Of course, you can also do a lot with the NGenuity software. In addition to the cosmetic option to change the color of the logo lighting, there are also really game relevant options.
You can save different DPI-profiles, and thus also program a kind of sniper key, which then makes sure that movements are temporarily much less “strong” transmitted, and you can thus perform more delicate movements.
As the name suggests, it’s ideal for shooting with a sniper rifle. A macro editor is also here. It’s not very intuitive at first, but in the end, it offers a lot of functions. In short, the software isn’t the most comprehensive at first glance, but when you take a closer look, it offers many useful functions.
We have already reviewed some gaming mice. Among them are high-rated mice, but each of them is highly priced. And while these often bring cool gimmicks, the “Pulsefire Core” concentrates on the essentials.
Of course, the HyperX mouse doesn’t offer familiar features such as a thumb rest, but the “Pulsefire Core” really doesn’t have to hide in terms of performance and processing.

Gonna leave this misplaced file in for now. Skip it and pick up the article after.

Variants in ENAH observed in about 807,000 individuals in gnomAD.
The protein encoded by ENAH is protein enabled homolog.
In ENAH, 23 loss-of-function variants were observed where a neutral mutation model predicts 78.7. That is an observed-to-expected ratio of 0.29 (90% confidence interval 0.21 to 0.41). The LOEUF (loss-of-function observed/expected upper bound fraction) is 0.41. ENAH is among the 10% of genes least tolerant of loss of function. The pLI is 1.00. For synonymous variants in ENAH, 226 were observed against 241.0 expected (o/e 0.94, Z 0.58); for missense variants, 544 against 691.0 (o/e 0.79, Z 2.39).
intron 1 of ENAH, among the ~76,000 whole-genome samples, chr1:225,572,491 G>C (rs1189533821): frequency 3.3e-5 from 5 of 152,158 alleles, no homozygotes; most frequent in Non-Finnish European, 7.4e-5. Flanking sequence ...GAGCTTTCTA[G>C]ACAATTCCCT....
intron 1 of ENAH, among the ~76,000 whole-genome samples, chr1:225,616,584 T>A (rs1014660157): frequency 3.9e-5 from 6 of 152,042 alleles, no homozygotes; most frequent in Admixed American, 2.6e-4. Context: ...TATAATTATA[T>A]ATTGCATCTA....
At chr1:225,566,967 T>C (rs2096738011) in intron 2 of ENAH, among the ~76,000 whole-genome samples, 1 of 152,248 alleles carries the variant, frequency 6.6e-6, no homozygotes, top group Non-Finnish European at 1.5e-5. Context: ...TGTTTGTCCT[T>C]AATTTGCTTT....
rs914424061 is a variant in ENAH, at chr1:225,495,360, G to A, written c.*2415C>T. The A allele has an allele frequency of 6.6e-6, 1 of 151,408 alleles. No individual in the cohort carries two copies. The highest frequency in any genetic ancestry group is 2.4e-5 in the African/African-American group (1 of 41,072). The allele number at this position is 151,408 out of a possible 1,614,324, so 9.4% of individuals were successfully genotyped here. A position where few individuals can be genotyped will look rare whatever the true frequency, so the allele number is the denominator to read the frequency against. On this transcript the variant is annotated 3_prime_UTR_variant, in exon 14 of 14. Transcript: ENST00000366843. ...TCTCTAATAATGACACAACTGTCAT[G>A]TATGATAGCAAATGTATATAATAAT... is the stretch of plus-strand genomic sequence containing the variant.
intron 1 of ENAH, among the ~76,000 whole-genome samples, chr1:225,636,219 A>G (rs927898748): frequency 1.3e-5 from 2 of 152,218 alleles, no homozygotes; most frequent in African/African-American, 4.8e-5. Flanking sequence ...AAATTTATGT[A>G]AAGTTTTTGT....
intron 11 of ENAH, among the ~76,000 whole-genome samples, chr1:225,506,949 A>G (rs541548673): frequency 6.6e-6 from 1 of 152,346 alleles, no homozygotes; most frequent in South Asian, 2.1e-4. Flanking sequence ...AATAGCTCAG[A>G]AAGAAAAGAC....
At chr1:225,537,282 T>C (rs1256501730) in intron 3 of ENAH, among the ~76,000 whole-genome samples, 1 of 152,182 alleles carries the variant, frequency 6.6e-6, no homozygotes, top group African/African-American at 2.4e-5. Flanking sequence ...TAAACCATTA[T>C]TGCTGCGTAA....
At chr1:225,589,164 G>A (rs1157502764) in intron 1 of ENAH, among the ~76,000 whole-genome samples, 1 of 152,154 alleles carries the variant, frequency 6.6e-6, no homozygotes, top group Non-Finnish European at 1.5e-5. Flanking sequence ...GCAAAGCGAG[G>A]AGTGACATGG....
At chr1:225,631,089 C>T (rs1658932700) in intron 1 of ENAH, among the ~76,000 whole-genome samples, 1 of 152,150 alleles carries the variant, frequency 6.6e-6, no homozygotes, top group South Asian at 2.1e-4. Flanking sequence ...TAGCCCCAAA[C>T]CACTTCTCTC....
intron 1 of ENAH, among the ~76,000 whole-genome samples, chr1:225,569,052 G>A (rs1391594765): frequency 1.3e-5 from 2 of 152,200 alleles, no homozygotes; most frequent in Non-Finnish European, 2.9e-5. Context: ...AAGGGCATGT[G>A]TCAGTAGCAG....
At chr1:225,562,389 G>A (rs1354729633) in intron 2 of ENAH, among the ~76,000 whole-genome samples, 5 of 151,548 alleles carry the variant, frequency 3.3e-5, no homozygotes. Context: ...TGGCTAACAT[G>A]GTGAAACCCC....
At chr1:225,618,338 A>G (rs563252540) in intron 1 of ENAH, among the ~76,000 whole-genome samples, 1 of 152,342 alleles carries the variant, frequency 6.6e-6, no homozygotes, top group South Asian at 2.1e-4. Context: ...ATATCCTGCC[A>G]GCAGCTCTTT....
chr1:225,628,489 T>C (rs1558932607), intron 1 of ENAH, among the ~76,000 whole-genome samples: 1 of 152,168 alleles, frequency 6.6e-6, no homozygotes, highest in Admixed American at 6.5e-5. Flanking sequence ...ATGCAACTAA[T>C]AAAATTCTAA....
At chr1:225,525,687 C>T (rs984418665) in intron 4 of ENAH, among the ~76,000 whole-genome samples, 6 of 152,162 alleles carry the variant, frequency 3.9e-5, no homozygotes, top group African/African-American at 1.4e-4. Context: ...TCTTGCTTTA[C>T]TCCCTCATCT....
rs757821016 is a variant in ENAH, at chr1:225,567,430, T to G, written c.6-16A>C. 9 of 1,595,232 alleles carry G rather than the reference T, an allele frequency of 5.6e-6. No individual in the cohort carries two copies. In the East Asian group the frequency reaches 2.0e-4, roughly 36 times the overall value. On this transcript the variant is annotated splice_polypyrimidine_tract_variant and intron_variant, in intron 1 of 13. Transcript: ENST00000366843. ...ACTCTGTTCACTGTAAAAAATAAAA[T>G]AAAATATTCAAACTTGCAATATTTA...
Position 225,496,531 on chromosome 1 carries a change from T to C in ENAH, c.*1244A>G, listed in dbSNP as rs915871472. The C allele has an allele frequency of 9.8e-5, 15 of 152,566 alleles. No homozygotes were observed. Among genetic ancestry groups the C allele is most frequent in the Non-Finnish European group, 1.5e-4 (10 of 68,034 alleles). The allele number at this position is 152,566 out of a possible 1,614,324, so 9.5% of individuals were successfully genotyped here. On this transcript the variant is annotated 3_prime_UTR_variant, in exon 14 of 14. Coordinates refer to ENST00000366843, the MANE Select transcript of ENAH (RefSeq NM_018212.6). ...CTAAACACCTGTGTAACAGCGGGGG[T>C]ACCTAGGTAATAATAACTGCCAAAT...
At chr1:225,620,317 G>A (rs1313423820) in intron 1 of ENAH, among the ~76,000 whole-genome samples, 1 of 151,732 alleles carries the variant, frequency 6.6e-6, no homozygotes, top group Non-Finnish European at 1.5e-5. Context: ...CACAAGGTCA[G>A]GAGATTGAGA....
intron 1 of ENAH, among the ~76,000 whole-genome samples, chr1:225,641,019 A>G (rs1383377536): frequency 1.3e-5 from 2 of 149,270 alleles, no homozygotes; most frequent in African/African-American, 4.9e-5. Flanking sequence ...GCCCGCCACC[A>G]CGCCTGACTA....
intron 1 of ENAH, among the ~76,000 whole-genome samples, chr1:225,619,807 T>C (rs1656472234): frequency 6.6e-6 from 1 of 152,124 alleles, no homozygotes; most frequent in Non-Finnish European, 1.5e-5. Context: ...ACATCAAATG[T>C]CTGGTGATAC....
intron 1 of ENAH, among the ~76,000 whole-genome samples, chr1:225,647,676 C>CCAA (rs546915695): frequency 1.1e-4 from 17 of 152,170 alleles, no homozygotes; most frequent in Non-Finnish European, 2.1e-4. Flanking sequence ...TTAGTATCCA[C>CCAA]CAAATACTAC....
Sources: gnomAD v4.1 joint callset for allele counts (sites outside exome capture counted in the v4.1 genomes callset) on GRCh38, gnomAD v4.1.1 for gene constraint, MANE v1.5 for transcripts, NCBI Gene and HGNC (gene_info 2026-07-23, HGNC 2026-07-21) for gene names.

In combination with the NGenuity software, we get a mouse that plays a very high role in terms of price-performance and impressed us in this respect. So if you can do without all-round lighting and some other gimmicks, and get along well with the rather small size of the “Pulsefire Core,” we can only warmly recommend that you take a closer look at this little price-performance miracle when buying a mouse soon.
- Great value for money
- Good and not too overloaded software
- Suitable for left-handers
- Clean processing
- Suitable for everyday use and gaming
- Very light (87 grams)
- Not suitable for large hands